Polls taken in mid-June show Andres Manuel Lopez Obrador, Mexico City’s leftist former mayor, only two points ahead of conservative, ruling party candidate Felipe Calderon.
The 36-34 percent near-tie has made the run-up to the July 2 vote one of the closest in Mexico’s history and is keeping pollsters in the United States busy considering the degree of influence the winner could have on increasingly sensitive U.S.-Mexico ties.
“At stake is the future course of America’s influential southern neighbor at a time when Mexico and the U.S. wrangle over border security and immigration issues, and as other Latin American nations turn to left-leaning leaders,” U.S. opinion pollster John Zogby told the Reuters news service.
In the last six years, aside from splitting with the Bush administration on the war in Iraq, outgoing President Vicente Fox has been a key U.S. ally. President Bush and Fox have consulted on border and immigration issues and have come together as economic partners in the North American Free Trade Agreement.
A victory by Calderon could continue that trend. Though the former energy minister and pro-business leader from the wealthy north has criticized U.S. plans to build a nearly 2000-mile long fence along its border with Mexico, he also has used his close relationship with Fox to enhance his image, insisting he would follow in Fox’s foreign policy and fiscal footsteps if elected.
“Obviously, the United States would be more comfortable with Calderon because he is going to be much more predictable and he also is more in tune with the U.S. model for the Mexican economy,” Pamela Starr of the Eurasia consulting group told Reuters.
“But, at the same time, the United States is more than willing to work with Lopez Obrador,” Starr said.
Lopez Obrador supporters — ignoring comparisons of their candidate to Venezuelan President Hugo Chavez, who has sided against the United States with Cuban leader Fidel Castro and newly elected Bolivian President Evo Morales — say the feeling is mutual.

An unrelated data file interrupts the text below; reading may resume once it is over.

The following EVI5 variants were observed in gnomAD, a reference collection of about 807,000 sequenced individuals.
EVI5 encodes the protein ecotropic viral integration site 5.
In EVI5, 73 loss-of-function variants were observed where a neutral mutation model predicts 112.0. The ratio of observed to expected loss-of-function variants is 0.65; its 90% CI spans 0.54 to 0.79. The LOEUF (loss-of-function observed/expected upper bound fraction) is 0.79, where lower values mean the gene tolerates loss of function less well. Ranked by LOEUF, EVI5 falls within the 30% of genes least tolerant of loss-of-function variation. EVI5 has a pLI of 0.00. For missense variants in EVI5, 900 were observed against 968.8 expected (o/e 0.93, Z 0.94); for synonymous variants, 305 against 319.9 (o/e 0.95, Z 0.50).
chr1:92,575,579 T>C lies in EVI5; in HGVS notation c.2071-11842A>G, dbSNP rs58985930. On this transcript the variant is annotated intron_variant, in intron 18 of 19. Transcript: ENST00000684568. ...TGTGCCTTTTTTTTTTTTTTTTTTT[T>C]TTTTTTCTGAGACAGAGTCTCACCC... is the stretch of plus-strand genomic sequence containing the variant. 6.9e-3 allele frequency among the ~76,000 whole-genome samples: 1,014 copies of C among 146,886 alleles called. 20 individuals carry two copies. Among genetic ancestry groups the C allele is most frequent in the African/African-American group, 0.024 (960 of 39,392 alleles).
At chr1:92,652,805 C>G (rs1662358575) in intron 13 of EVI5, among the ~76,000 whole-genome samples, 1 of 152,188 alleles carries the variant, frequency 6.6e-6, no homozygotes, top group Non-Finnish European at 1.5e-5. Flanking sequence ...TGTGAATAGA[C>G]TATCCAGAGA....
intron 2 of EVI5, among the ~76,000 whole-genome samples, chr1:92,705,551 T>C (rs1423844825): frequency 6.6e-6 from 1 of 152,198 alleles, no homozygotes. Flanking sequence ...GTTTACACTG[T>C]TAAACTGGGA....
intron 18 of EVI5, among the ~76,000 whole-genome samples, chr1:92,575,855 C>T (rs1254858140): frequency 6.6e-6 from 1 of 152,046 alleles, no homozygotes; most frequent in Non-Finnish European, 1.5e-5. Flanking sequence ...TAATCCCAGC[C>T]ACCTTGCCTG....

“He’s not going to be gratuitously aggressive. He’s not going to be openly anti-American, no president of Mexico at this stage, with NAFTA, could afford to be,” former ambassador Andres Rozental told Reuters.
But Lopez Obrador has rankled U.S. leaders by promising to oppose a NAFTA agreement dropping tariffs on U.S. corn and bean imports to Mexico and has said he will not be a “puppet” for the United States.
Still, he has tried to distance himself from the anti-American policies of his Latin American counterparts.
“We have 20 million Mexicans in the U.S. Eighty percent of our international trade is with the U.S. So [our policy] has to be different,” Lopez Obrador told The Washington Post.
So far, Lopez Obrador’s heaviest support is coming from the south, home to a majority of Mexico’s poor. Calderon’s base is in the north, where his National Action Party is gaining popularity.
With such a slight edge, the key for Lopez Obrador will be to further the support he has gained on the campaign trail by mobilizing his party base on Election Day. The same goes for Calderon.
If not, a third candidate, Roberto Madrazo, candidate for the Institutional Revolutionary Party, or PRI, which ran Mexico unchallenged for 71 years, just may surprise analysts and run away with the vote.